EU’s external cooperation on migration & border management: promoting or restricting migrants’ and refugee rights?

Migration and Asylum, Policy Brief

Read in:  French  Arabic 

Brussels 19 March 2019

Migration is a pillar of the external cooperation of the European Union (EU) and its Member States with their Maghreb neighbours, in line with the Global Approach to Migration and Mobility (2005) and the Valletta Action Plan (2015).

On 7 March 2019, Ministers at the Justice and Home Affairs Council agreed that “one important continuing priority [for the EU] is to support North African countries so that they are well equipped to deal with the migration challenges they face”. On 6 March 2019, the European Commission reviewed the implementation of its European Migration Agenda adopted in 2015. The next steps announced include the strengthening of funding allocated to North Africa through the Emergency Trust Fund for Africa (€120 million), and the resumption of negotiations to sign readmission agreements with Tunisia and Morocco, in exchange for visa facilitation and regular mobility access to the EU.

Nevertheless, many concerns are raised about the real reasons and consequences of the European programmes deployed in Algeria, Morocco and Tunisia. Beyond the unprecedented financial and technical resources dedicated by the EU and its Member States, “external cooperation” on migration issues takes place in countries with no effective framework for the protection of the rights of people on the move, and where independent and autonomous civil society is too often the target of restrictions. In light of these facts, can European cooperation on migration and border control be a useful tool for the effective respect of the rights of migrants and refugees in the Maghreb countries?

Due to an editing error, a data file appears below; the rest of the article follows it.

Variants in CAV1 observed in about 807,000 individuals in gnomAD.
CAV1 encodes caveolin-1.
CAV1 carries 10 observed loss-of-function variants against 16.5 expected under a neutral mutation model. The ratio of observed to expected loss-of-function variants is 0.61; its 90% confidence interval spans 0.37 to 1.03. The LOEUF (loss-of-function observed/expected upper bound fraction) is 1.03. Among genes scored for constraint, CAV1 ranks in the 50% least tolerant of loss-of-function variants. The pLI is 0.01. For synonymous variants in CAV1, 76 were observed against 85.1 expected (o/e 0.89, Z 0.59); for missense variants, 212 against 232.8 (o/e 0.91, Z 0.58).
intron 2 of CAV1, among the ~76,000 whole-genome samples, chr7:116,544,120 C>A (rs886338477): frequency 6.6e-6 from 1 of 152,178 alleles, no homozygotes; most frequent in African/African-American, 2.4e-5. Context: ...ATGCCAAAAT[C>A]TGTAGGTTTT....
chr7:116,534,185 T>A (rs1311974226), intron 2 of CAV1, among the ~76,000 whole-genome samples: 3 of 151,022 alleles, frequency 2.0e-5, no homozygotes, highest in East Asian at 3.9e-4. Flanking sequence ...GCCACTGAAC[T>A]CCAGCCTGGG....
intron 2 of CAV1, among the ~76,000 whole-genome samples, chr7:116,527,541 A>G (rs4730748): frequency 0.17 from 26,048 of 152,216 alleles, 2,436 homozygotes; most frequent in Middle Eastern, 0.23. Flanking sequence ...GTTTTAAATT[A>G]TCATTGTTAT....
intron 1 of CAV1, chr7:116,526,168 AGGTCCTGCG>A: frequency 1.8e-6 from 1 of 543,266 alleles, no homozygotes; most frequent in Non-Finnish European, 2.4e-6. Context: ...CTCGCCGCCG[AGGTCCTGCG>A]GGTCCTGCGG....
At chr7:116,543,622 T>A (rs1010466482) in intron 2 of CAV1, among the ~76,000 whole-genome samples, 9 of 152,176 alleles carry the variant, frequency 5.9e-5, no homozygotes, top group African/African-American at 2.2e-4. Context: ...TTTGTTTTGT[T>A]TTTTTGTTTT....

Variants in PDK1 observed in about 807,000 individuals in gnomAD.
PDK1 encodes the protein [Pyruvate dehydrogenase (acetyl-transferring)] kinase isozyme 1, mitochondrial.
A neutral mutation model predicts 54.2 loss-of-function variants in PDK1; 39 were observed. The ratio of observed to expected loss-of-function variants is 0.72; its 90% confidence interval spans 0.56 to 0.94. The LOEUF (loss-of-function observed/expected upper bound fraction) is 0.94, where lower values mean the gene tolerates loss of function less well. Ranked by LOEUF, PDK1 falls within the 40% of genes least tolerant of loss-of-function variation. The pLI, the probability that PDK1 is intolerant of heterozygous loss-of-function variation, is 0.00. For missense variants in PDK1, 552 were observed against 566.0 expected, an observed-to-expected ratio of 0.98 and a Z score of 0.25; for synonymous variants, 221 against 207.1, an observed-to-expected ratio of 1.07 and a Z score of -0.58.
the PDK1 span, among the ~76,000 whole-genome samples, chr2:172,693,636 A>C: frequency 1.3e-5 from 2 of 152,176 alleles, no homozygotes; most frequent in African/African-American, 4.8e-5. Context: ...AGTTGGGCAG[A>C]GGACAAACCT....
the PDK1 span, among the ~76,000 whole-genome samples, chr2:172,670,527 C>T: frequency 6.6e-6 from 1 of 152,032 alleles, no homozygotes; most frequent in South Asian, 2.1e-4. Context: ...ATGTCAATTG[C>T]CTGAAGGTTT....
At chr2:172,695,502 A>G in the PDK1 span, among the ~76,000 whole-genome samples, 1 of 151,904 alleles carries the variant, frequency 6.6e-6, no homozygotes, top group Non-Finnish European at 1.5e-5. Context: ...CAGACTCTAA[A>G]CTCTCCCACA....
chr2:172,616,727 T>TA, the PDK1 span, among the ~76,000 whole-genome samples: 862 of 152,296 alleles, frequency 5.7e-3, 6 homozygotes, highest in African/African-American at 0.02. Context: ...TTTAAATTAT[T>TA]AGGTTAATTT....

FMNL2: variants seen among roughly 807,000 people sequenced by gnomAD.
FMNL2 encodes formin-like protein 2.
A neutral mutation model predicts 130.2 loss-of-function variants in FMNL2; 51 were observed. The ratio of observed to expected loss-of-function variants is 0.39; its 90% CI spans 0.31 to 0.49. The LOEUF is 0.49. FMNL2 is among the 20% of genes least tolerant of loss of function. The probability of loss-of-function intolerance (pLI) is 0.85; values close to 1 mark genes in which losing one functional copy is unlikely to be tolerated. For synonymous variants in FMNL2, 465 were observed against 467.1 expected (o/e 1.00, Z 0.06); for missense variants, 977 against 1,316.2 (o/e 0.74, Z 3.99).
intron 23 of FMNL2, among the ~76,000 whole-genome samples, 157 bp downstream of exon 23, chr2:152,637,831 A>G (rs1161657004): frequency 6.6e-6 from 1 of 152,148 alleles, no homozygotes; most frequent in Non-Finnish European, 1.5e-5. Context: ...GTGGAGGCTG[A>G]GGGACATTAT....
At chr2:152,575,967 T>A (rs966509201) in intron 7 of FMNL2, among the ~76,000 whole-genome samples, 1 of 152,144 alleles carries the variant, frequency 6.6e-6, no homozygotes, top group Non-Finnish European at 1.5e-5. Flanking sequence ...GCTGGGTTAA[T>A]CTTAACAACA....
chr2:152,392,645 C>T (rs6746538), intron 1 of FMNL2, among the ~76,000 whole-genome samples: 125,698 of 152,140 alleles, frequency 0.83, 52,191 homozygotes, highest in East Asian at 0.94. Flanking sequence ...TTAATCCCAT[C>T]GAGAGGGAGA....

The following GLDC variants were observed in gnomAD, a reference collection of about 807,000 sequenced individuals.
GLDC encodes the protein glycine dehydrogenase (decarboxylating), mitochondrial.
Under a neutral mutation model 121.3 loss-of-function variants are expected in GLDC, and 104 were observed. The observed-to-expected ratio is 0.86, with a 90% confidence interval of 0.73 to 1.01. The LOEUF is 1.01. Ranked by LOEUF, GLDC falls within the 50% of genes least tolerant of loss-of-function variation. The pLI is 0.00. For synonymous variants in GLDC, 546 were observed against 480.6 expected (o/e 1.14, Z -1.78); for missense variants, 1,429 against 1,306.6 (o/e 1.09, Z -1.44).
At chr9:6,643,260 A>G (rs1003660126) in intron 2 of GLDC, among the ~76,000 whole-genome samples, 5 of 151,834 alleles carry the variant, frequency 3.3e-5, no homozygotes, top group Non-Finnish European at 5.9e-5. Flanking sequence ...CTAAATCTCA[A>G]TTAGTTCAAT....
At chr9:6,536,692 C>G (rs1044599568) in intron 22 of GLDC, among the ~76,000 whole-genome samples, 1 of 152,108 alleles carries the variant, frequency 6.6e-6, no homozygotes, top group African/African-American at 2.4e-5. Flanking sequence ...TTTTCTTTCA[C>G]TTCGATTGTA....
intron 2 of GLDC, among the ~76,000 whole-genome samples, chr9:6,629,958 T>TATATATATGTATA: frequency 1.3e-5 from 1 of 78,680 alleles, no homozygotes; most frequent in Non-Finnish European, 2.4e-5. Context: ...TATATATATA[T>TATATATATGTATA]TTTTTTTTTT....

The two briefings presented here summarise the main cooperation instruments in place in the Maghreb countries, and present recommendations for civil society actors to be able to better invest these cooperation channels and contribute to their definition, implementation and evaluation.

Briefing 1 entitled ‘‘Access to rights for people on the move’‘ presents the main existing European programmes aimed at enabling migrants and refugees to access their rights in the Maghreb countries. The limits of these actions are discussed, as well as examples of civil society mobilisation.

Briefing 2 entitled ”People on the move facing human rights violations at borders” presents the main programmes dedicated to border management and their often negative consequences on the rights of persons migrating.

An annex table sets out the main international legal frameworks applicable to migrants and refugees and their implementation in the Maghreb countries.

EuroMed Rights aims to support the work of autonomous civil society in its role as an expert in the definition and implementation of public policies based on respect for human rights. In a context of unprecedented financial and technical deployment of the EU and its Member States in their southern Mediterranean neighbourhood, EuroMed Rights considers it essential that European external cooperation supports local and autonomous civil society initiatives in each country of the region, ensuring an inclusive and sustainable approach to effective access to migrants and refugees’ the rights of migrants and refugees in the Maghreb countries.